In autopsy series, approximately one-third of patients with calcific aortic valves demonstrate histopathologic evidence of systemic calcific emboli involving cerebral, coronary, renal, retinal, and peripheral arteries. Only one-fifth of these were found to have occurred spontaneously.2 In an autopsy series from Holley et al., the incidence of calcific coronary embolization, presenting as a clinically significant event was extraordinarily rare. Only 10 of 163 patients (6 %) with calcific aortic stenosis demonstrated embolic material within a major coronary artery, and none of those demonstrated pathologic evidence of a clinically significant myocardial infarction.8 Steiner and Hlava’s series supports this observation. They examined 31 hearts with significant calcification of one or both left heart valves from patients who had not previously been operated on or studied invasively. Among 24 cases with calcific aortic valves, only one, a 39-year-old patient with a unicuspid aortic valve, demonstrated macroscopic evidence of a calcific coronary embolus. Radiologic evaluation further demonstrated the existence of calcific emboli (intracoronary or interventricular) in nine of the 24 cases, but only one involved a patient with senile calcific aortic stenosis.9

Other data suggest that the incidence of calcific coronary embolization from degenerative calcific aortic stenosis may actually be somewhat more common, but concur that in most instances the patient may remain asymptomatic due to the small size of the embolus and the subsequent infarcted territory.1–3

Khetarpal et al. describe diagnostic criteria for spontaneous cerebral embolism in the absence of iatrogenic causation from invasive cardiac procedure as:

  • Absence of embologenic calcified lesions at Doppler examination of the cervical vessels;
  • Presence of calcified aortic valve stenosis confirmed by echocardiography with good left ventricular function; and
  • Exclusion of other sources of cerebral thromboembolism.2

Charles et al., applying a similar strategy to coronary emboli, assert that, in assigning embolic phenomena as causation for an acute myocardial infarction, “the combination of acute myocardial infarction with angiographically normal coronary arteries and an underlying source for embolism constitutes circumstantial evidence for a diagnosis of coronary embolism”.1 Findings of “abrupt occlusion of specific coronary arteries” with other coronaries appearing patent and free of evidence of atherosclerotic disease or growth of collateral vessels further supports this diagnosis.10

The patient described in this report certainly meets these criteria including clinical presentation of acute anterior wall myocardial infarction, angiographic evidence of abrupt LAD coronary occlusion in the absence of other significant coronary atherosclerosis, and fluoroscopic evidence of a heavily calcified aortic valve without evidence of calcification of the ascending aorta or coronary arteries. Coronary intervention with an aspiration thrombectomy catheter removed the embolic material and re-established coronary blood flow. Subsequent angiography did not demonstrate evidence of plaque rupture or a significant residual stenosis, thus obviating the need for stent placement and dual anti-platelet therapy in this patient with an unexplained anemia and a potentially increased risk of bleeding complications. The subsequent pathological findings revealed focal dystrophic calcification with notable absence of thrombus, further supporting the diagnosis of calcific coronary embolization as the etiology of this patient’s STEMI.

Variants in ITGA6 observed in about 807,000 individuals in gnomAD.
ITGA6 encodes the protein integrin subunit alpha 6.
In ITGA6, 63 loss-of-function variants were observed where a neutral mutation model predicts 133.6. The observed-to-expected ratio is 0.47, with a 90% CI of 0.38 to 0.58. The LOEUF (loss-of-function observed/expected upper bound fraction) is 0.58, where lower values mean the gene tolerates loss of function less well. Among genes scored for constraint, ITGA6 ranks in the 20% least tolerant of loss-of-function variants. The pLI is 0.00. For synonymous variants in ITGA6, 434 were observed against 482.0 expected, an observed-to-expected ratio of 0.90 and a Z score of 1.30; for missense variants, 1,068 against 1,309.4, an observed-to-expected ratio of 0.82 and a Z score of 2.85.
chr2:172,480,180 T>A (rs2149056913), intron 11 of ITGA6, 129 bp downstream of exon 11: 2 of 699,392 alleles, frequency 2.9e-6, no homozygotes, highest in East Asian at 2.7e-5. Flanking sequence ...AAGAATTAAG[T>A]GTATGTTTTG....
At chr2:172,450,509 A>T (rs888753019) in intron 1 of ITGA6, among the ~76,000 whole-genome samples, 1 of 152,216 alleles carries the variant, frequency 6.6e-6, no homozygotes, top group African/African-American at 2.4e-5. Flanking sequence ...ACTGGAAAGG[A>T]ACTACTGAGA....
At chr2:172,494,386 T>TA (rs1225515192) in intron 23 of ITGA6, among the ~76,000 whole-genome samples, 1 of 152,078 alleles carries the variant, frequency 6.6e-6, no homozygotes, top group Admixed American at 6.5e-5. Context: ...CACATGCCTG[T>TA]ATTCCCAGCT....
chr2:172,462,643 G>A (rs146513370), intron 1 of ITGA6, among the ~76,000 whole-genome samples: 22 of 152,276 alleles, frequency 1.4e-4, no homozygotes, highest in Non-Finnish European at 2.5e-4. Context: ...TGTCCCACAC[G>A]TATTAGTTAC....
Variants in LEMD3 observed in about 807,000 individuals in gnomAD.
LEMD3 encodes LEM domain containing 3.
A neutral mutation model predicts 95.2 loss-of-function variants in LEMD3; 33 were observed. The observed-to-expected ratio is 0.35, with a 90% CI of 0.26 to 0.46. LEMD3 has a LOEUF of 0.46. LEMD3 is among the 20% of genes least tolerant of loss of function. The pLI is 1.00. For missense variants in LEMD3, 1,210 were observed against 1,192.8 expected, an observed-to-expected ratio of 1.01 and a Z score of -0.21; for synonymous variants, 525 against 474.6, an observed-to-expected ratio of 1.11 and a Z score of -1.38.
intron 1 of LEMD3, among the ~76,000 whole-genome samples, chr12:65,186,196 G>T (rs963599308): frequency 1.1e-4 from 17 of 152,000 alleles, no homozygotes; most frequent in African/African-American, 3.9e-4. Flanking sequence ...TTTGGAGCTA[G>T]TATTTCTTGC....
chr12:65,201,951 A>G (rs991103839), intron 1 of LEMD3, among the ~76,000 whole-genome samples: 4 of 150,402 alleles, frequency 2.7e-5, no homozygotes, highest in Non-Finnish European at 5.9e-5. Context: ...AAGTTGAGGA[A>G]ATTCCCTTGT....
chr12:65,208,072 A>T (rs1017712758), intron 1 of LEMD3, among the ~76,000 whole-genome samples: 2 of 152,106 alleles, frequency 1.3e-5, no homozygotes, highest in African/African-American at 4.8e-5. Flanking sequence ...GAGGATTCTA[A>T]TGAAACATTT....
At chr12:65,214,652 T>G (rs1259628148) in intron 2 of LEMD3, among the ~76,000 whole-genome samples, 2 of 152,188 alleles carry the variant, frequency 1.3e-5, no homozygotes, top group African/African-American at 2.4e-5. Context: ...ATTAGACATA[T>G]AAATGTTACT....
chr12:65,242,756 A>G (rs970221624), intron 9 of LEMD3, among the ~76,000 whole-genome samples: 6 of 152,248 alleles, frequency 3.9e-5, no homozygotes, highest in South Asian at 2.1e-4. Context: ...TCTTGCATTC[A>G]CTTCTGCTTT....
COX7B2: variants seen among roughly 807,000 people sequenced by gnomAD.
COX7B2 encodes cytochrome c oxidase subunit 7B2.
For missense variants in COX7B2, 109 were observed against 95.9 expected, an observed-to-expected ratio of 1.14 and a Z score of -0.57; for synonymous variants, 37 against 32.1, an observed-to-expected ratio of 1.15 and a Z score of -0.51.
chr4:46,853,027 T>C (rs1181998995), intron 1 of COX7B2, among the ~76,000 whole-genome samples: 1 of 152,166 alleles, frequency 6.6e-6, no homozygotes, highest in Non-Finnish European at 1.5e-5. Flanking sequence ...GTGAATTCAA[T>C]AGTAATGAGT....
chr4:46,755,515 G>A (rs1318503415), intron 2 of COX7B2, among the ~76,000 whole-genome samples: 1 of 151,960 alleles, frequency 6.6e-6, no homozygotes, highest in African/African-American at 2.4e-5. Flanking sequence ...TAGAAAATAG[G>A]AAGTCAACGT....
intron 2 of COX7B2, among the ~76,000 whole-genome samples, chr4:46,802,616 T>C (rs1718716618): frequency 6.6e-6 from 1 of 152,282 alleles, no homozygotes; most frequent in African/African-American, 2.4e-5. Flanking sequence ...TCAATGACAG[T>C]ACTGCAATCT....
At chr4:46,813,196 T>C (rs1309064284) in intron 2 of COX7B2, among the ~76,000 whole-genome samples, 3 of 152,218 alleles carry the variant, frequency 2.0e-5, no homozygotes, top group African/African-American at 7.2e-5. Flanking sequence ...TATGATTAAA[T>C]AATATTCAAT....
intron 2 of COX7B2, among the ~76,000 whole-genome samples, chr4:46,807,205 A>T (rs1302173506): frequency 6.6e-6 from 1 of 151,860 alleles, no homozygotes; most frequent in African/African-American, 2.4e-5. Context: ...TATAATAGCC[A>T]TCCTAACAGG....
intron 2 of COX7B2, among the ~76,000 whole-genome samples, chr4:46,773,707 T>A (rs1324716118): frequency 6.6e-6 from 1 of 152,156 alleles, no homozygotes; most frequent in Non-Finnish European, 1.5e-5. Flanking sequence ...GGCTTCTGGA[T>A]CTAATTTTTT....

Notable case studies demonstrating clinically significant calcific emboli originating from stenotic aortic valves include a spontaneous calcific embolus presumably derived from a calcific stenotic bicuspid aortic valve occluding the second circumflex marginal coronary artery,3 a spontaneous calcific embolus occluding a distal branch of the left circumflex artery resulting in an acute myocardial infarction,11 and a spontaneous calcific embolism from a calcific stenotic aortic valve occluding a retinal artery.12 To our knowledge, this is the first documented and pathologically supported case of a calcific embolus spontaneously dislodging from a senile calcific stenotic aortic valve and resulting in total occlusion of the LAD, presenting as a STEMI.


This case demonstrates the importance of recognizing distinctive pathologic causes of acute STEMI other than plaque rupture and localized thrombus formation within a coronary artery. The possibility of coronary embolization as an alternative etiology must be considered, particularly when abrupt coronary occlusion is observed in the absence of other coronary atherosclerosis, and in the setting of other underlying sources of embolization. This is especially true for elderly patients with co-existing aortic valvular disease.9 Initial treatment for acute coronary artery occlusion with an aspiration thrombectomy catheter13 is now the recognized standard of care for all patients with abrupt coronary occlusion, regardless of the etiopathology. In this particular case it afforded the additional benefit of avoiding stent placement and dual antiplatelet therapy in a patient with potentially increased bleeding risk and other comorbidities.